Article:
that good ship and true was a bone to be chewed
when the "gales of november" came early.

The ship was the pride of the american side
coming back from some mill in wisconsin.
As the big freighters go, it was bigger than most
with a crew and good captain well seasoned,
concluding some terms with a couple of steel firms
when they left fully loaded for cleveland.
And later that night when the ship's bell rang,
could it be the north wind they'd been feelin'?

The wind in the wires made a tattle-tale sound
and a wave broke over the railing.
And ev'ry man knew, as the captain did too
'twas the witch of november come stealin'.
The dawn came late and the breakfast had to wait
when the gales of november came slashin'.
When afternoon came it was freezin' rain
in the face of a hurricane west wind.

When suppertime came the old cook came on deck sayin'.
"fellas, it's too rough t'feed ya."
at seven p.m. A main hatchway caved in; he said,
"fellas, it's bin good t'know ya!"
the captain wired in he had water comin' in
and the good ship and crew was in peril.
And later that night when 'is lights went outta sight
came the wreck of the edmund fitzgerald.

Does any one know where the love of god goes
when the waves turn the minutes to hours?
The searchers all say they'd have made whitefish bay
if they'd put fifteen more miles behind 'er.
They might have split up or they might have capsized;
they may have broke deep and took water.
And all that remains is the faces and the names
of the wives and the sons and the daughters.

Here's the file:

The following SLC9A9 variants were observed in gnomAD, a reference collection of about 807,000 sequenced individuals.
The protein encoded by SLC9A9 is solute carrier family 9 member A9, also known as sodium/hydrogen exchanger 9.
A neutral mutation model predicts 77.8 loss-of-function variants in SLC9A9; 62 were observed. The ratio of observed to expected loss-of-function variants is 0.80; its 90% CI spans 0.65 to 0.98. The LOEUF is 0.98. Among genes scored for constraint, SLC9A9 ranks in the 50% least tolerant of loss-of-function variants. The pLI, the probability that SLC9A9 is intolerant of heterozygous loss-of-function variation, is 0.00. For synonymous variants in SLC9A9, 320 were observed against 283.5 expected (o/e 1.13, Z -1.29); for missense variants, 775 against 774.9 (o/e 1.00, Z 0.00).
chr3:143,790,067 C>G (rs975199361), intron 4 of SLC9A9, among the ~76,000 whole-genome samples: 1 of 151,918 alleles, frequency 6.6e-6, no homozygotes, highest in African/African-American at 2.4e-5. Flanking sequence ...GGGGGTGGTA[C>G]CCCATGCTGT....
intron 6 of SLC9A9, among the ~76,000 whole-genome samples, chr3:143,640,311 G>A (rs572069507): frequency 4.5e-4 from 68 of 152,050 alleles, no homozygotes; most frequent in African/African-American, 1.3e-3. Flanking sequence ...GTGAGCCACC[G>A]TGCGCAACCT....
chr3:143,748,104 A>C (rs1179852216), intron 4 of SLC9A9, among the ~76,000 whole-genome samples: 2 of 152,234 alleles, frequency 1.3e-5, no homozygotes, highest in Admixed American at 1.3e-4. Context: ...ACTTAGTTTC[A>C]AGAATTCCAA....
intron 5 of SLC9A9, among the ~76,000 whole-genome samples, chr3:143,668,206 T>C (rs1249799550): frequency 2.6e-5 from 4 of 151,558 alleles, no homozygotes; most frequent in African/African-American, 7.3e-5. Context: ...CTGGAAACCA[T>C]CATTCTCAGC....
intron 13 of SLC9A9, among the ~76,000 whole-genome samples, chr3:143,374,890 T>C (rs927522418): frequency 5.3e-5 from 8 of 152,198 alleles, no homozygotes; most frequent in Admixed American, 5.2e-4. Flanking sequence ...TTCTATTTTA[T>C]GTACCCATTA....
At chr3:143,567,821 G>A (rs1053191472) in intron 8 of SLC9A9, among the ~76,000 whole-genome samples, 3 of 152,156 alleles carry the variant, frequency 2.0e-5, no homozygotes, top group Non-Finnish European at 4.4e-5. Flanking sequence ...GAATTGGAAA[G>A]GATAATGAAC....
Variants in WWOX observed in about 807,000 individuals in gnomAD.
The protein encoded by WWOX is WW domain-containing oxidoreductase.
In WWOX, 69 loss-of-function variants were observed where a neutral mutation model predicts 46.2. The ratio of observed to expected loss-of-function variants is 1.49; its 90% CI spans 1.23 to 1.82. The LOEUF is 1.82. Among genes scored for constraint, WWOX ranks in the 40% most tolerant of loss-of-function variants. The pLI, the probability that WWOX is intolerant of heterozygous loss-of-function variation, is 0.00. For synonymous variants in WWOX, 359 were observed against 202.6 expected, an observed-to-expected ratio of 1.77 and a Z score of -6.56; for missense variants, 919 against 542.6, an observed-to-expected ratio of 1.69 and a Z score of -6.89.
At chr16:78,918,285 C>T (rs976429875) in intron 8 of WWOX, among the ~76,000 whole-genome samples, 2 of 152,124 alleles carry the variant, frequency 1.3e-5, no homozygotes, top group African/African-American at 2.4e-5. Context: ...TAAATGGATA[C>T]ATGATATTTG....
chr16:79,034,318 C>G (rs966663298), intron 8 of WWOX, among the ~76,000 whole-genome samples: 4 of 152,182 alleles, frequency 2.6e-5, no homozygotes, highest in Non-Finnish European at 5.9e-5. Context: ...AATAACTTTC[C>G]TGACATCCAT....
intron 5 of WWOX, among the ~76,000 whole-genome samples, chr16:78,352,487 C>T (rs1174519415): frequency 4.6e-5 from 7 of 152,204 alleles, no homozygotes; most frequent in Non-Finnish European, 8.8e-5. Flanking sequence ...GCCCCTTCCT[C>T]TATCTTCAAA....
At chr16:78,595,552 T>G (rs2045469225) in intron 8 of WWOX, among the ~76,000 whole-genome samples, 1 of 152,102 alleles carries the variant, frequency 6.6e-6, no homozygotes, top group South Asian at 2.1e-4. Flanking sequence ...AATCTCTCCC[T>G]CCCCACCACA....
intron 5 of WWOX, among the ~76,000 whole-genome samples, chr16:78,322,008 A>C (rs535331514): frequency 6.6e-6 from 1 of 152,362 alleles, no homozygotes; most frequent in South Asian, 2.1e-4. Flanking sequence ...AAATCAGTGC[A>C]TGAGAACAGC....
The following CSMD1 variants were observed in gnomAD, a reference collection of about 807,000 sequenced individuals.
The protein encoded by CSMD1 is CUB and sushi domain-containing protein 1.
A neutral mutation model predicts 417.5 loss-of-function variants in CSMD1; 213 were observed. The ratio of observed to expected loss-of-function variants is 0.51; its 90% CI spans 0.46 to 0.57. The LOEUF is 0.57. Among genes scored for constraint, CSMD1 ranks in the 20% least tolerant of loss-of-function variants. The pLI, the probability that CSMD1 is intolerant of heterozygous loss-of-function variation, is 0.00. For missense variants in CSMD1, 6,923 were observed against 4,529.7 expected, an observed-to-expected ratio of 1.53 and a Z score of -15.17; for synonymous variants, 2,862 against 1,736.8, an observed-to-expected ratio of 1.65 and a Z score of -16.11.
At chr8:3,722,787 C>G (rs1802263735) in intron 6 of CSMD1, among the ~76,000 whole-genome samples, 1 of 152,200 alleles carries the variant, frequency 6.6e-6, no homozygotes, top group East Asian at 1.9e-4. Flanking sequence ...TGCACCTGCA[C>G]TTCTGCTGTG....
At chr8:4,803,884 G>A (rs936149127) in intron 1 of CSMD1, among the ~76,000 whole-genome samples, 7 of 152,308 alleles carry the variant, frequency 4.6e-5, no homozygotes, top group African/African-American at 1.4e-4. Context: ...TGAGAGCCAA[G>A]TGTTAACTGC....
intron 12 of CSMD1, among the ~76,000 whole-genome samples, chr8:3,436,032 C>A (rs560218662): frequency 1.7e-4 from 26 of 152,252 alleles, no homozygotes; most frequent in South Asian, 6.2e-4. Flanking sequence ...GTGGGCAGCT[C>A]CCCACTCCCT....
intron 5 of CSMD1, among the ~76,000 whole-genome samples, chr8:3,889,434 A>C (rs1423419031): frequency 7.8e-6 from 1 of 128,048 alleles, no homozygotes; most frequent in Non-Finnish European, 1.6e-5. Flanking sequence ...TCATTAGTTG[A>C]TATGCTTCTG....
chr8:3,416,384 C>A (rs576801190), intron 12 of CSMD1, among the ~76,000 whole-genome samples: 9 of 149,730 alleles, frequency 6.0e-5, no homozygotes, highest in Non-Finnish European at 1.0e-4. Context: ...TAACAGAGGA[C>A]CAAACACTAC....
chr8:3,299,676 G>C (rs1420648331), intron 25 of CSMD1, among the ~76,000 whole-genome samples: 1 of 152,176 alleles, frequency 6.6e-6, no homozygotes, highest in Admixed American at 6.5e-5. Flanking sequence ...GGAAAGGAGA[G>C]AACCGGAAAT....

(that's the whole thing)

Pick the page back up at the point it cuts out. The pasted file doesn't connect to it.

Lake huron rolls, superior sings
in the rooms of her ice-water mansion.
Old michigan steams like a young man's dreams;
the islands and bays are for sportsmen.
And farther below lake ontario
takes in what lake erie can send her,
and the iron boats go as the mariners all know
with the gales of november remembered.

In a musty old hall in detroit they prayed,
in the "maritime sailors' cathedral."
the church bell chimed 'til it rang twenty-nine times
for each man on the edmund fitzgerald.
The legend lives on from the chippewa on down
of the big lake they call "gitche gumee."
"superior," they said, "never gives up her dead
when the gales of november come early!"

gordon lightfoot, 1976

r.i.p.
awesome!!
 

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God bless all those men and the others who have lost their lives on the Great Lakes. The gales during this week of November are a sight to behold.
 

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My friends father was the co-captain who wasn't on duty that night but *borrowed* another ship to go after the boys but sadly we all know what happened.
 

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This is one of the best tribute videos to the Fitz that I've ever seen. Thanks for sharing!!!
 

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Thanks Sabre- great post and for the lyrics too Due. Not many writers take the time to write great songs like that any more

In honor of the crew.
 

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Thanks for the link.

I do get chills every time I hear that song.


Heres an interesting read from a meteorological perspective why the tragedy happened- and why it would most likely be avoided today:

http://whyfiles.org/shorties/067shipwreck/
 

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Today is the day to pay respect to those that lost there lives on the fitz.. My buddy has a pictures of the Fitz on the Saint Clair river a few months before she went down.. Cya Slick